24 Feb, 2019 @ 11:00
1 min read

Andalucia fruit farmers berry concerned as less than 1,000 locals apply for some 23,000 job vacancies, despite huge unemployment figures

NO THANKS: Spaniards are not taking up strawberry-picking jobs in Huelva

ONLY 970 Spaniards have responded to 23,000 job offers to pick strawberries in Huelva despite the province having the third highest unemployment rate in Spain.

Fruit growers are now being forced to look abroad for workers to fill the labour gap.

Last month, plans were set in motion to hire more than 19,000 seasonal workers from north Africa to help harvest strawberries and other berries.

Did you know?

Huelva is soft fruit and berry capital of Europe. In 2018 it produced 280,300 tons of strawberries, 19,170 tons of raspberries; 38,000 tons of blueberries and 1,800 of blackberries worth €437.2 million.
Just over 11,464 hectares is dedicated to growing berries in plastic tunnels. Strawberries take up about 6,000 hectares.

After a slow beginning this year, farmers who produce strawberries for export across Europe, said they need 19,179 extra pairs of hands by no later than March to cope with the harvest.

WORKING: A Spaniard in Huelva who has taken up the job harvesting strawberries

Some 11,500 of these workers will have picked berries in Huelva before, others will be first timers.

Union sources told local media they are extremely disappointed with the poor response rate from work shy residents in Huelva when unemployment in the province is 22.79%.

Only Badajoz and Cadiz have higher rates of joblessness with 24.10% and 27.35% each. Pay for picking strawberries ranges from €30 to €42 per day.

The work is mostly carried out by Moroccan women who work at least 39 hours per week, and sometimes 10 hours more.

Last year the Andalucian Employment Service offered 11,000 fruit picking jobs and the response from Spanish jobseekers was just as bad with fewer than 1,000 people taking up the opportunity.

In total, the producers association Freshuelva estimates that 80,000 workers will be needed to this year to pick the wide varieties of berries in Huelva, with the majority of those being migrant workers.

Laurence Dollimore

Laurence has a BA and MA in International Relations and a Gold Standard diploma in Multi-Media journalism from News Associates in London. He has almost a decade of experience and previously worked as a senior reporter for the Mail Online in London.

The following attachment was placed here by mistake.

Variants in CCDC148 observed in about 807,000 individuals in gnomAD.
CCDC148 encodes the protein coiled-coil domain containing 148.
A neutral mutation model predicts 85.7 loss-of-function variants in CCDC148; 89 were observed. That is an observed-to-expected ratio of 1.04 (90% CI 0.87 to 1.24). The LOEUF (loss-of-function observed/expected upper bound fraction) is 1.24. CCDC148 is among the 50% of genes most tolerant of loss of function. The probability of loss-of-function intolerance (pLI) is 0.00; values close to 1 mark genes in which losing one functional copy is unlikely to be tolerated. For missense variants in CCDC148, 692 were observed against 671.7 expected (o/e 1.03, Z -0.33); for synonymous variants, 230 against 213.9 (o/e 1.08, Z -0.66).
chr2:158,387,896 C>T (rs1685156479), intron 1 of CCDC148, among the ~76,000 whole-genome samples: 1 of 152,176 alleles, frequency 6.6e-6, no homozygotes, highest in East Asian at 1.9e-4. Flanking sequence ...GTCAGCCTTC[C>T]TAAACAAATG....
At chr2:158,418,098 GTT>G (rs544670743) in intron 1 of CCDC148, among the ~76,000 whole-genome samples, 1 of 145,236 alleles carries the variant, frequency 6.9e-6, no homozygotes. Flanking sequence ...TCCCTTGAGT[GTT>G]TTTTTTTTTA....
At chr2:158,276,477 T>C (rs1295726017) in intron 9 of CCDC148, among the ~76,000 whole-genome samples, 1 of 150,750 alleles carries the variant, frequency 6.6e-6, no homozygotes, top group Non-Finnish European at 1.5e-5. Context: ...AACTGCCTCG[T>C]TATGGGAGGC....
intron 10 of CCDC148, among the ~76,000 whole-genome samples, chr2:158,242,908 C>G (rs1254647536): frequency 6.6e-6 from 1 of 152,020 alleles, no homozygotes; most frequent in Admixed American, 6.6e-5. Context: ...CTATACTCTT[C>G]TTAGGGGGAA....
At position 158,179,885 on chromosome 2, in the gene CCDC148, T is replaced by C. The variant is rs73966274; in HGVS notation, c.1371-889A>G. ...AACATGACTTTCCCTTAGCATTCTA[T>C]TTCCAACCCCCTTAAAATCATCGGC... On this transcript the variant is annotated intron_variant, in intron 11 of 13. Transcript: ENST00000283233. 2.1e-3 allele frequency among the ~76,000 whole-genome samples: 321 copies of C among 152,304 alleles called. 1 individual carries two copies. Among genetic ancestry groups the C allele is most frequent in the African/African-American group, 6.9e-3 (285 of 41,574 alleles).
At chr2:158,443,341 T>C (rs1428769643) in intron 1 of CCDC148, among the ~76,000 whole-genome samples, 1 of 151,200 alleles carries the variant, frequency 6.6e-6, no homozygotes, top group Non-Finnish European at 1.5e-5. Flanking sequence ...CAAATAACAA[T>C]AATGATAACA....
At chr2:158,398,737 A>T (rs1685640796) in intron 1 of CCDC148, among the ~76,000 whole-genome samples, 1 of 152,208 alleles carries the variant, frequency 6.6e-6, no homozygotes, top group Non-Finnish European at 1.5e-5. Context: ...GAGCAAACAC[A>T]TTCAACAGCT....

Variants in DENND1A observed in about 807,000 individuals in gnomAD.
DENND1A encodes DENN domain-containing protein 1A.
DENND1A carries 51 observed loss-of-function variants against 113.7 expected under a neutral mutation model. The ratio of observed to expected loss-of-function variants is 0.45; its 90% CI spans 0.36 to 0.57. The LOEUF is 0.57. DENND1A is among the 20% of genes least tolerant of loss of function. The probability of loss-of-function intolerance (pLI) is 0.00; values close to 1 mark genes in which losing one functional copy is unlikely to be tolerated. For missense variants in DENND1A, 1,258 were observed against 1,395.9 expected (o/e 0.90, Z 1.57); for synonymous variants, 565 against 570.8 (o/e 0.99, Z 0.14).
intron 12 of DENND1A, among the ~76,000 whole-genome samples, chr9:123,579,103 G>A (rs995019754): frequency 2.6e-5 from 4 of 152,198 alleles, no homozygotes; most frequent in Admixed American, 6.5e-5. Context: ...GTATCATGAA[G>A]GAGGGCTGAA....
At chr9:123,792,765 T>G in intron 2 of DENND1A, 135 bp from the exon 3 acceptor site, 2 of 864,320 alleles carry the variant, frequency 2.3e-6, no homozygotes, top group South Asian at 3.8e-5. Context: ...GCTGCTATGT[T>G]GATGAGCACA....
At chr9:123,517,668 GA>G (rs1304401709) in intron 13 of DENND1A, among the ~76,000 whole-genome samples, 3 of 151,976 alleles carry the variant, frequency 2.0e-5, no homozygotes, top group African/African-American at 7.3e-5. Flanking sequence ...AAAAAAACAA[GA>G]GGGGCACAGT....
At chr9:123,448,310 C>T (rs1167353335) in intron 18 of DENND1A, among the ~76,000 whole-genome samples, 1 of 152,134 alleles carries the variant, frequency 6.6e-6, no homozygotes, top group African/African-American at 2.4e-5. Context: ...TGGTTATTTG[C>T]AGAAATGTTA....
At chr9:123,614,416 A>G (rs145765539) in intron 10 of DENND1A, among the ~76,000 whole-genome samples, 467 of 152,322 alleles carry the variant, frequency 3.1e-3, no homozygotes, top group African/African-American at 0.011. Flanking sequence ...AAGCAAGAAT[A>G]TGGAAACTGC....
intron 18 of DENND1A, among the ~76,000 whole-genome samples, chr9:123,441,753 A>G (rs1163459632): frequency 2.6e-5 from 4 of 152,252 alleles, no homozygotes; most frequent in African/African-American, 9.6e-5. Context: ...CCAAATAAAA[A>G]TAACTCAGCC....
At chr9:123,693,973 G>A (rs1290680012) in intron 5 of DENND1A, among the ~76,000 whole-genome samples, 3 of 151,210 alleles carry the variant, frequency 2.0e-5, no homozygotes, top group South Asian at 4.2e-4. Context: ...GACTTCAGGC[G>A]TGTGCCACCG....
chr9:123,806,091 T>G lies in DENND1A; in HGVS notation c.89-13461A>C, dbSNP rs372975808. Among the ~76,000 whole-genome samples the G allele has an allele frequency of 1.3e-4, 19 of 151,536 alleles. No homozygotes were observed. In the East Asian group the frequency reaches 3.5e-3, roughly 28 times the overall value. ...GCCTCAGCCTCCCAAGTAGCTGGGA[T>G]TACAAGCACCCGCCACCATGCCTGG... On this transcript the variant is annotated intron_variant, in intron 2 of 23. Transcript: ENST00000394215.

GOT A STORY? Contact newsdesk@theolivepress.es or call +34 951 273 575 Twitter: @olivepress


  1. That’s good news for environment and health. If nobody wants to pick those strawberries, then the Donana nature reserve would profit as the groundwater level will not drop any further.
    European consumers will profit as there is no need to eat strawberries in february and march, that do not taste like anything and that are not contaminated by the Huelva oil refineries. Climate will profit as there is no need to transport those strawberries throughout Europe. From april to june there are enough local strawberries available in all European countries, which taste much better, are cheaper and do not harm our environment.

    Location : Germany
  2. As SEO/Birdlife says in a statement in an another post of the olive press of the same day on La Donana Nature Park : “The over exploitation of its groundwater for agricultural use, especially for the cultivation of strawberries and blueberries, is causing a real threat to the values of this World Heritage Site.”

    Therefor everybody must refuse to pick strawberries at Huelva plants to stop this threat to La Donana.

    Location : Germany

Leave a Reply

This site uses Akismet to reduce spam. Learn how your comment data is processed.

Previous Story

FALLING FOWL: Management crisis puts Andalucia bird sanctuary under threat from drought and wild boar

Next Story

How you can buy your own pueblo in Spain

Latest from Business & Finance

Go toTop

More From The Olive Press